The Corner


Re: The Biden Administration Cloaks Itself in Catholicism

Former vice president Joe Biden and his sister Valerie Biden Owens are greeted by Pope Francis in Saint Peter’s Basilica, 2013. (Osservatore Romano/Reuters)

In response to The Biden Administration Cloaks Itself in Catholicism

Alexandra’s post above expertly summarizes how Joe Biden is already leaning on his Catholic identity as a kind of political obfuscation concerning how he will act on abortion-related issues, and Ramesh explores some of the other contradictions of this outlook. But there is another kind of obfuscation in this area worth dwelling on: that of media outlets, who are already treating Biden’s faith quite differently from certain other presidents. See this tweet promoting a New York Times story about Biden’s religious identity:

The story itself  writes of the public image of Biden’s faith in a predictably adulatory tone:

There are myriad changes with the incoming Biden administration. One of the most significant: a president who has spent a lifetime steeped in Christian rituals and practices.

Mr. Biden, perhaps the most religiously observant commander in chief in half a century, regularly attends Mass and speaks of how his Catholic faith grounds his life and politics.

I may be young, but I am old enough to remember a president, in George W. Bush, who regularly invoked his Christian faith, who established a White House Office of Faith-based and Community Initiatives, and who even once told an audience of voters that his favorite philosopher was Jesus Christ. It’s also worth mentioning former president Jimmy Carter’s Sunday school teaching. As with much modern journalism, this analysis of Biden seems trapped in the present-tense.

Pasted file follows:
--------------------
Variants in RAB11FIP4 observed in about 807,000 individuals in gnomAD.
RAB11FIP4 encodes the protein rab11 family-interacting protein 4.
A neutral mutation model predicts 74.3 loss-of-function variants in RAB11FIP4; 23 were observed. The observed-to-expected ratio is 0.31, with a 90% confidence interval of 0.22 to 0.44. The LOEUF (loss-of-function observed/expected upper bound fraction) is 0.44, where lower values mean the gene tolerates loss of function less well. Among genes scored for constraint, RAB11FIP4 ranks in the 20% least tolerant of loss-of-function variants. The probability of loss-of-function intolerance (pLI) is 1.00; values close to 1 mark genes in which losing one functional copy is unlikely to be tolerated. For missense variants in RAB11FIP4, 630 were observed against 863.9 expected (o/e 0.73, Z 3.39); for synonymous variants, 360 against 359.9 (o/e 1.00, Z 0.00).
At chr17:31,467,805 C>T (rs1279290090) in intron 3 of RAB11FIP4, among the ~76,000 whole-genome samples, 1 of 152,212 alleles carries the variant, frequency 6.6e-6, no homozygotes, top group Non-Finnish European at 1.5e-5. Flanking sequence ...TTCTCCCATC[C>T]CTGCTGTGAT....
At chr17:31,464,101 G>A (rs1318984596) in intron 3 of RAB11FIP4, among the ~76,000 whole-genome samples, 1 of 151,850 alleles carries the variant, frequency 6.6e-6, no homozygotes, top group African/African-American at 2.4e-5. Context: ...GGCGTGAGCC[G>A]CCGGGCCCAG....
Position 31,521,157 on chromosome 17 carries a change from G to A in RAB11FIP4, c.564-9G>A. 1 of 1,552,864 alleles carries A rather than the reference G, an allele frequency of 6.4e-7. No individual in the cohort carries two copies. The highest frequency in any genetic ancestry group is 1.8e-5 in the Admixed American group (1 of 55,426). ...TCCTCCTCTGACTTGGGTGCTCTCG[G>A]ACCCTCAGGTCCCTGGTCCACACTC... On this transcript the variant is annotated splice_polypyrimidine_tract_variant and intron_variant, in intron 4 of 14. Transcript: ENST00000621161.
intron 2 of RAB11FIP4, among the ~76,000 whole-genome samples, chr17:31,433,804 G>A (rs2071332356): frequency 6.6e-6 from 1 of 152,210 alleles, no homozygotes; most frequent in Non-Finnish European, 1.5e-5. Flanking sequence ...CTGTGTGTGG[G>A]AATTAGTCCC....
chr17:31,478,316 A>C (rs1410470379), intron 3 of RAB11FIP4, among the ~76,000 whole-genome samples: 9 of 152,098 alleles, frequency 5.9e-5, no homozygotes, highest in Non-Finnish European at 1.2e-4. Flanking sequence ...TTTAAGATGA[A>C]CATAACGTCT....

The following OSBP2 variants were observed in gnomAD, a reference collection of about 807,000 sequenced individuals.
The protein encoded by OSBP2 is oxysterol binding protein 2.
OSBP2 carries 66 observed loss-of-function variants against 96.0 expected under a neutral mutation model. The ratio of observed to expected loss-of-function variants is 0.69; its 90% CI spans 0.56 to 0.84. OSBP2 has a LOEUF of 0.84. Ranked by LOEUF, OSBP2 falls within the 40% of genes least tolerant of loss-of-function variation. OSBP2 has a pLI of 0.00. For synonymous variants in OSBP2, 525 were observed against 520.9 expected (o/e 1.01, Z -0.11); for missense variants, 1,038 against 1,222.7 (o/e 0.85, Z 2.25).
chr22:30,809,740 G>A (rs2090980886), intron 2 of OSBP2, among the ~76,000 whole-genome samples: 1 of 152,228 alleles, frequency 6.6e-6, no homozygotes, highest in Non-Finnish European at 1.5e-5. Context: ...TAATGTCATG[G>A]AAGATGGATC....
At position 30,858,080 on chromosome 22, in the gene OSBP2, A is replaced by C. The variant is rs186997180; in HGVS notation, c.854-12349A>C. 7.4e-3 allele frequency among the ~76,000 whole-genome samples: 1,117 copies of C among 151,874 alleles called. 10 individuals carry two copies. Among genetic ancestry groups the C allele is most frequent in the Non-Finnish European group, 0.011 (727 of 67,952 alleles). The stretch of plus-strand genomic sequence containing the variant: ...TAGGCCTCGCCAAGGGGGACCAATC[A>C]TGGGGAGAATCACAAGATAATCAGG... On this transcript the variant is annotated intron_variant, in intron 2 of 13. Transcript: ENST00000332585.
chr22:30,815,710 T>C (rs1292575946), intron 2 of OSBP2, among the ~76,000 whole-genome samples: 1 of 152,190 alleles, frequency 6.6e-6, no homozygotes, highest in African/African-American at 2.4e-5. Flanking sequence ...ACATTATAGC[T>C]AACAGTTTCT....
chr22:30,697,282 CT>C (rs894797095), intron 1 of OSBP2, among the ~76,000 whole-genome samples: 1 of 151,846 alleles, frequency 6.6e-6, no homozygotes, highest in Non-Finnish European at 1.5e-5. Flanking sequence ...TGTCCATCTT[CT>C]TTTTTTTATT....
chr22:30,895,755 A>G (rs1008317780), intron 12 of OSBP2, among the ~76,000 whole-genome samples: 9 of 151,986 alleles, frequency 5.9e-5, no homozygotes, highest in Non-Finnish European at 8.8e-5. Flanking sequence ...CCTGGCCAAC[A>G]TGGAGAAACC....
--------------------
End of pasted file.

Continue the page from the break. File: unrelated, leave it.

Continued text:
If it weren’t, it may have included an account not merely of Bush’s religious identity, but of how the Left reacted to it then. The specter of theocracy was constantly lurking in the paranoid liberal imagination during Bush’s presidency. After the 2004 election, Democrats mockingly designated vast swaths of America “Jesusland.” You don’t even need to have a memories of 2004 to recall how the prospect of people of faith influencing public policy over the past four years inspired dark imaginings of a Handmaid’s Tale, or concerns about the “creeping autocracy” being advanced by conservative Catholics in concert with former president Trump.

This isn’t mere whataboutism. In a pluralistic, religious, and free society such as the United States, faith is a welcome factor in the lives of our elected leaders, including in Joe Biden. But it says something revealing that a particular kind of faith is anathema in the media, while another kind has its blessing.


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